But on this day my luck would prove to be good. As darkness approached from the east I saw movement in a pole stand of trees. There, moving in a determined fashion through the woods was a red fox. I love how fox move when not frightened. They walk briskly, moving their legs quickly from the knee down. Their head is usually erect, eyes straight ahead, observing all of the landscape in front of them. This fellow was headed directly for the spring; my hunch had paid off! As the fox moved towards the spring he passed behind a knoll where I lost site of him. My eyes focused on the area, but I couldn’t relocate this marvel of stealth. And then suddenly I saw movement to my left. The fox had turned a right angle and was coming directly towards me through an area of dense hemlocks and wind thrown trees blown to the ground.
As he approached I was able to really look at him, and I mean really look at him. He was unusually tall and the bright auburn coat contrasted sharply with the white snow on the ground. As he got closer I noticed that he had a broad, white chest. His tail, not particularly bushy, had the classic white tip. At about 40 yards I began to wonder if he was going to notice me. Although I was somewhat concealed, I didn’t think at close distance he would have a hard time noticing me. But he came closer, and at 20 yards I pursed my lips and made a loud kissing sound. As soon as I made the sound he stopped dead in his tracks, and looked directly at me. When I blinked, he jumped straight into the air and did something I thought was impossible. He turned 180 degrees in mid air simply by snapping his torso from the shoulders back. When he landed on the ground he was off to the races. Curiously, he did not race straight off but zigged and zagged every two or three yards, as if being chased by hounds. I could see him run off for quite a distance, eventually disappearing into the shadows of the coming night.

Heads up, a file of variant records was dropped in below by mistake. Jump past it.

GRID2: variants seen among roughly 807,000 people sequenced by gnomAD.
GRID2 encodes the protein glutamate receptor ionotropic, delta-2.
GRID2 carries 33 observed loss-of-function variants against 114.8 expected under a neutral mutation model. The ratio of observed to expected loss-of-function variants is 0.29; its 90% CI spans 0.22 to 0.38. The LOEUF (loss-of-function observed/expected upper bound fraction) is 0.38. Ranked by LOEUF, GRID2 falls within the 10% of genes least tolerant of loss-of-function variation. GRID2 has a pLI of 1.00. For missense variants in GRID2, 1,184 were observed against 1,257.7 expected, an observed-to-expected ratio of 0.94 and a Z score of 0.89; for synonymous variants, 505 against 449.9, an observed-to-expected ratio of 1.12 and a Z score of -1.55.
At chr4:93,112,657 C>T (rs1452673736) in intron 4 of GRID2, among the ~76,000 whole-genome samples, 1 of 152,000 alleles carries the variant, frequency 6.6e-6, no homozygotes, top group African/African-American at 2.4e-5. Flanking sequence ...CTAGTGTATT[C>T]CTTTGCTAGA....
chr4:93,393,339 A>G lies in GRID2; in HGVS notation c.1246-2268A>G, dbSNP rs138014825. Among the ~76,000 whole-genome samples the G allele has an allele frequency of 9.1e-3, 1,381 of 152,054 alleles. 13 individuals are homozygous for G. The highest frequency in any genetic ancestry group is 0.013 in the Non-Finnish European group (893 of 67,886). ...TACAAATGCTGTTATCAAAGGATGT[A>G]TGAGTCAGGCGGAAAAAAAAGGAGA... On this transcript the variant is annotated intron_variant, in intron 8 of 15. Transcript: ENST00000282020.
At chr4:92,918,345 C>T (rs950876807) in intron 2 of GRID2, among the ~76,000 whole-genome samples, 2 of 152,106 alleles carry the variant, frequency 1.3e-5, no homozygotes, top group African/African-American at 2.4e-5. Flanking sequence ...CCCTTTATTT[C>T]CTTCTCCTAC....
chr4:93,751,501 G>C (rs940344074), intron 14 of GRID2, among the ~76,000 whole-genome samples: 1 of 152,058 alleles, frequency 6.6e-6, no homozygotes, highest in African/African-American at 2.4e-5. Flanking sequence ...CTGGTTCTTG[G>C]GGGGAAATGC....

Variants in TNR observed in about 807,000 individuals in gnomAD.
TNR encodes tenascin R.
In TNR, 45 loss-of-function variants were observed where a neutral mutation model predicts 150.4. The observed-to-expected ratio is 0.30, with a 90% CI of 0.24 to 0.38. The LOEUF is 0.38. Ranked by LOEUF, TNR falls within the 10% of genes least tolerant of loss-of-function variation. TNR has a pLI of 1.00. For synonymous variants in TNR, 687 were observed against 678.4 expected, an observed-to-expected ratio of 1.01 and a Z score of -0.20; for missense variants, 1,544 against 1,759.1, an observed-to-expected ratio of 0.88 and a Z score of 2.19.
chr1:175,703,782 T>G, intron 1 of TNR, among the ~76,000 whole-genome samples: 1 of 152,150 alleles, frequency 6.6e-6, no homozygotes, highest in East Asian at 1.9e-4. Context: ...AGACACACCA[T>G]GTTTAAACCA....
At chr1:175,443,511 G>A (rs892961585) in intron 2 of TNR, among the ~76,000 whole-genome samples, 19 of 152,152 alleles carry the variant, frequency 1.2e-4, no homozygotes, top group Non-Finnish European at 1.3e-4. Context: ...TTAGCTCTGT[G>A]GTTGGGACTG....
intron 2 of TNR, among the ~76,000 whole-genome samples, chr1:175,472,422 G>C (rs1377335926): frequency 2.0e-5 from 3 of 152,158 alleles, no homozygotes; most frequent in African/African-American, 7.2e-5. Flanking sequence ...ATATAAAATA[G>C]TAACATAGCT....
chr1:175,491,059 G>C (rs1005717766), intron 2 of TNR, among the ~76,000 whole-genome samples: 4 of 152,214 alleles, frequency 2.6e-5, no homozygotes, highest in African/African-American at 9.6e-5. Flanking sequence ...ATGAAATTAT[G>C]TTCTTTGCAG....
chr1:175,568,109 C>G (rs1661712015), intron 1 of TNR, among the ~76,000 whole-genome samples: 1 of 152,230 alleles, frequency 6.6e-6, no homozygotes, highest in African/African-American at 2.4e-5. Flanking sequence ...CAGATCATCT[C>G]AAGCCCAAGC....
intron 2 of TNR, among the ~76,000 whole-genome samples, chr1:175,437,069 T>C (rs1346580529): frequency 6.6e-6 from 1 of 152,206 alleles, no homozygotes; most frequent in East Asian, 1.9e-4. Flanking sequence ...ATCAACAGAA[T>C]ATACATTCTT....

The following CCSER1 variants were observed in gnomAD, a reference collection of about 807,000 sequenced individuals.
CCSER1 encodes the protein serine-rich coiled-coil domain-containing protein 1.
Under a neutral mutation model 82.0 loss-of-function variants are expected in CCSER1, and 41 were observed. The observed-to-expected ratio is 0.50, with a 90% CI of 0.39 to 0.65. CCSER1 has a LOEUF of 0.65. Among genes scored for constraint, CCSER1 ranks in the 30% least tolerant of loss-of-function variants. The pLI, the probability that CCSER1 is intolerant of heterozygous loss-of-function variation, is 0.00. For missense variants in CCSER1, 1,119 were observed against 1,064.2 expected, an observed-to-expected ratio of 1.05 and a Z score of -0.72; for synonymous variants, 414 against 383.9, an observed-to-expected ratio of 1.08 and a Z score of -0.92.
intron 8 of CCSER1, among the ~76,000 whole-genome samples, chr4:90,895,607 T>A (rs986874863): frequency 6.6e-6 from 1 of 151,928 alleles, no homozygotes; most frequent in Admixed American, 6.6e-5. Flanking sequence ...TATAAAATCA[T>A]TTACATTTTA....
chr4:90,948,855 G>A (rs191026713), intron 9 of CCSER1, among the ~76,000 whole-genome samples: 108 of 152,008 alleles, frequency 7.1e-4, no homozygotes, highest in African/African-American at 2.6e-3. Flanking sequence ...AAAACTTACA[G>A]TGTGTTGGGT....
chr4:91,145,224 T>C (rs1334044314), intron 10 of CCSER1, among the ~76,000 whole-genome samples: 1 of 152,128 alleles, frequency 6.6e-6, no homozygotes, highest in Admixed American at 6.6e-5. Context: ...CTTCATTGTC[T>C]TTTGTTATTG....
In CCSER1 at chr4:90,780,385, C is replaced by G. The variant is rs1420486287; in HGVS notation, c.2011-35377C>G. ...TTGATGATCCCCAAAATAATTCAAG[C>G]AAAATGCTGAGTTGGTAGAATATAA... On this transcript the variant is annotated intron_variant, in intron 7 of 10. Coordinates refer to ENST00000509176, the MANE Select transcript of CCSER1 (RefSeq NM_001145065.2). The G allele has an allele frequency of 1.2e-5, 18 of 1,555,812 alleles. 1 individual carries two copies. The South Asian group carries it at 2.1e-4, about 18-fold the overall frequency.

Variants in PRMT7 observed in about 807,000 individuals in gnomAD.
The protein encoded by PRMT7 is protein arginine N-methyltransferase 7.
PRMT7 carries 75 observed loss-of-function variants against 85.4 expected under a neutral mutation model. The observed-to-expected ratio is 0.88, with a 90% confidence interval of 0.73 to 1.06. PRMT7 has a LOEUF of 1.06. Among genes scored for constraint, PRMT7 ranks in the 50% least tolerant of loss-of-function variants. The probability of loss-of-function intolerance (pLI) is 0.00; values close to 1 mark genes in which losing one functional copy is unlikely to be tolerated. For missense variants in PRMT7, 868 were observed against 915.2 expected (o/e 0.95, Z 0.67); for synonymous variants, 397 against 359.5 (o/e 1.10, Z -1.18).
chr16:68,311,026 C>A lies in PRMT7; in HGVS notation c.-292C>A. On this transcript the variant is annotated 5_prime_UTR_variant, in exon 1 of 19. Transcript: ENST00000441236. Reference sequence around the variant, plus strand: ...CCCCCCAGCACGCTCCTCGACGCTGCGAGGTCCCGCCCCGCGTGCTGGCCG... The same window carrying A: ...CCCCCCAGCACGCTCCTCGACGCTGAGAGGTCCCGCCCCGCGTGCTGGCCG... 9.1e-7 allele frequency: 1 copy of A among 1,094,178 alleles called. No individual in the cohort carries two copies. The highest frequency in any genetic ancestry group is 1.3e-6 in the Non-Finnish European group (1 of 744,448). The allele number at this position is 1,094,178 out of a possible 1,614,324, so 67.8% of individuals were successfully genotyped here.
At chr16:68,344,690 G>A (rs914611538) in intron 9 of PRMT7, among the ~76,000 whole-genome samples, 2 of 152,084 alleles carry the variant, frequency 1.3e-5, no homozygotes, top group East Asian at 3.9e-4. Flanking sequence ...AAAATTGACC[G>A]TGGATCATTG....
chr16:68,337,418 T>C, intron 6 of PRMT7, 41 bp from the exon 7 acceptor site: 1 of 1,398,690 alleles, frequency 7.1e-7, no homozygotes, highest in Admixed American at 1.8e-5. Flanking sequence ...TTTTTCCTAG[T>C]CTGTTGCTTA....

As I sat a while longer, digesting the events of the last few moments and enjoying the last light of the day it occurred to me that on this day my thoughts needed no immediate organization. These memories would stay as crisp and clear as the winter’s night.
Originally written in January 2006